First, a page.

I've started to do very aggressive burrs on my scraper and cutting with it at a steeper angle (sometimes laying almost flat).  All I do for this is quickly square an edge with a file and then make three progressively steeper passes with increasing pressure (lots of pressure) to form a single large burr.  I only do one edge most of the time and keep it very sharp while I'm tillering.  I mark my cutting edge with a 'X'.  I only do one edge when I'm using an aggressive cut because I could slice myself pretty badly with the edges I put on it. 

I'm going to try sharpening a scraper exactly how you do it.  That looks very precise.  Thanks for the info.


         J. D. Duff

Here's a couple pictures I took a while back while I was thinking about doing a sharpening thread:

[attachment deleted by admin]

Offline Badger

  • Member
  • Posts: 5938
Re: Having trouble with your scraper?
« Reply #4 on: December 23, 2006, 12:31:28 am »
I normally do it the same way you do JD, but I also roll the edge on some of mine, I like the rolled edge burr better for my finish work before sanding and the hard burr done with only my file for more aggressive tillering, I used to do mine at 90 degrees but now push only one side at about 70 degrees, using pretty heavy pressure on my file, just until I feel the file dragging smooth across and cutting evenly. You cant miss the feel once you hyave done it. Steve

Roger

  • Guest
Re: Having trouble with your scraper?
« Reply #5 on: December 23, 2006, 07:56:46 am »
Thanks Eddie...hope someone can get some use from it... ;)

Bob, LOL that saying brings back a lot of memories from my childhood (the Lava soap commerical).

 JD, that is some curl there dude! That right there shows just how effective and versitile a scraper can be. Very nice!

R

Tom B

  • Guest
Re: Having trouble with your scraper?
« Reply #6 on: December 23, 2006, 09:07:36 am »
thanks for posting that roger. sometimes you can add a lot of life to a burnished edge by using a utility knife to re-raise the hook.it can save a lot of down time by not having to go back to square one and is very simple. tom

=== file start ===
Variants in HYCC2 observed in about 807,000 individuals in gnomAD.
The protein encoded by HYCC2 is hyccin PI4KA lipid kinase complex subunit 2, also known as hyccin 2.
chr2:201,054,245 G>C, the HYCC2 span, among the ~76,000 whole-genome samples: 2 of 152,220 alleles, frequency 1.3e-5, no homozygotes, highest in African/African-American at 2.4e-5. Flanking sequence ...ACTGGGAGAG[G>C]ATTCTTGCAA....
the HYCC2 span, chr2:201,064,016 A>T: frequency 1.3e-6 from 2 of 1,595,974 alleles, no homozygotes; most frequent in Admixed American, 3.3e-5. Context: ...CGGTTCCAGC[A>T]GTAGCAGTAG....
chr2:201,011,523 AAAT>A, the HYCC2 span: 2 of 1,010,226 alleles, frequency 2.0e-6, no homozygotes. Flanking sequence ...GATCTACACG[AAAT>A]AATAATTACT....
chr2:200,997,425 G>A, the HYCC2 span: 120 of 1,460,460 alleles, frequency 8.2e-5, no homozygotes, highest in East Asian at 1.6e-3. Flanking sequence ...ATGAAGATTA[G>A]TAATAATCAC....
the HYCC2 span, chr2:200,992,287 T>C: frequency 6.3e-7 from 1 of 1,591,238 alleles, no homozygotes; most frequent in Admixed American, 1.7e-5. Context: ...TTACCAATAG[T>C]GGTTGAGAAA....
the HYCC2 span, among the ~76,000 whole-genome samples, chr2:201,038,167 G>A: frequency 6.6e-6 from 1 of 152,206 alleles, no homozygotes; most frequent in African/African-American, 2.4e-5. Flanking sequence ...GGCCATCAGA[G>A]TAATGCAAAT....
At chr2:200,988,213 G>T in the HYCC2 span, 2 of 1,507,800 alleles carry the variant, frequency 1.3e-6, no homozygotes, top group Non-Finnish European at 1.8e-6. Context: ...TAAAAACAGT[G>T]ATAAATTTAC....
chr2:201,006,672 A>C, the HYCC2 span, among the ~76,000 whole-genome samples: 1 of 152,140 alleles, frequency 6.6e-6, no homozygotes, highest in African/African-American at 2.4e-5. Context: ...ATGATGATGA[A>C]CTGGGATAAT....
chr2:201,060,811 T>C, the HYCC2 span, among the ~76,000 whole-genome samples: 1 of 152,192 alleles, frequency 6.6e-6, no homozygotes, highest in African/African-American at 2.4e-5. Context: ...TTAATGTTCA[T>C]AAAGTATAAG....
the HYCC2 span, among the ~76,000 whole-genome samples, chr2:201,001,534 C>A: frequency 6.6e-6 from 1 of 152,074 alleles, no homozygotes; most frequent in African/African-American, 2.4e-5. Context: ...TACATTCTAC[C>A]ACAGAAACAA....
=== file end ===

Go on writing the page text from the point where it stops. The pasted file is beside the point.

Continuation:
Roger

  • Guest
Re: Having trouble with your scraper?
« Reply #7 on: December 23, 2006, 09:21:21 am »
Interesting thought Tom...can you explain how you do this please?

Thanks,

R

Offline Justin Snyder

  • Administrator
  • Member
  • Posts: 13794
Re: Having trouble with your scraper?
« Reply #8 on: December 23, 2006, 09:35:47 am »
You guys make my bow making skills look silly, now you make my scraper sharpening look bad to. LOL  I usually just file mine square and go to work, I'm going to have to try this.  Thanks guys and keep up the teaching.  By the way, were do I send my tuition for this school of bow making?  Justin
Everything happens for a reason, sometimes the reason is you made a bad decision.


SW Utah

Tom B

  • Guest
Re: Having trouble with your scraper?
« Reply #9 on: December 23, 2006, 10:22:14 am »
justin, if it was about building bows i would be the student.
roger,use a new blade and keep it as flat as you can against the body of the scraper. scrapers get dull when the burr folds over too much, so you give it a lift.i have cut myself this way be carefu . tom

Roger

  • Guest
Re: Having trouble with your scraper?
« Reply #10 on: December 23, 2006, 10:48:57 am »
Thanks Tom...i'll give it a try.

R

huntersim

  • Guest
Re: Having trouble with your scraper?
« Reply #11 on: December 23, 2006, 11:00:05 am »
Nice Roger. They should archive this in the how to section.

Offline lowell

  • Member
  • Posts: 941
Re: Having trouble with your scraper?
« Reply #12 on: December 23, 2006, 11:40:06 am »
Thanks for great post. Can't wait to try it. 

Hands are recoverying from carpal tunnel surgery but will be trying as soon as able!!
My son says I shoot a stick with a stick!!

Roger

  • Guest
Re: Having trouble with your scraper?
« Reply #13 on: December 23, 2006, 12:03:58 pm »
Thanks guys...just trying to pass it along as it was done so for me   ;D

R

Offline D. Tiller

  • Member
  • Posts: 3496
  • Go ahead! Bend that stick! Make my day!!!
    • Whidbey Island Soap Co.
Re: Having trouble with your scraper?
« Reply #14 on: December 23, 2006, 02:01:31 pm »
Can anyone tell me how to go about making a scraper from mettle laying arround the shop and home? On a budget these days so I'm looking for ways to stretch the dollar.
“People are less likely to shoot at you if you smile at them” - Mad Jack Churchill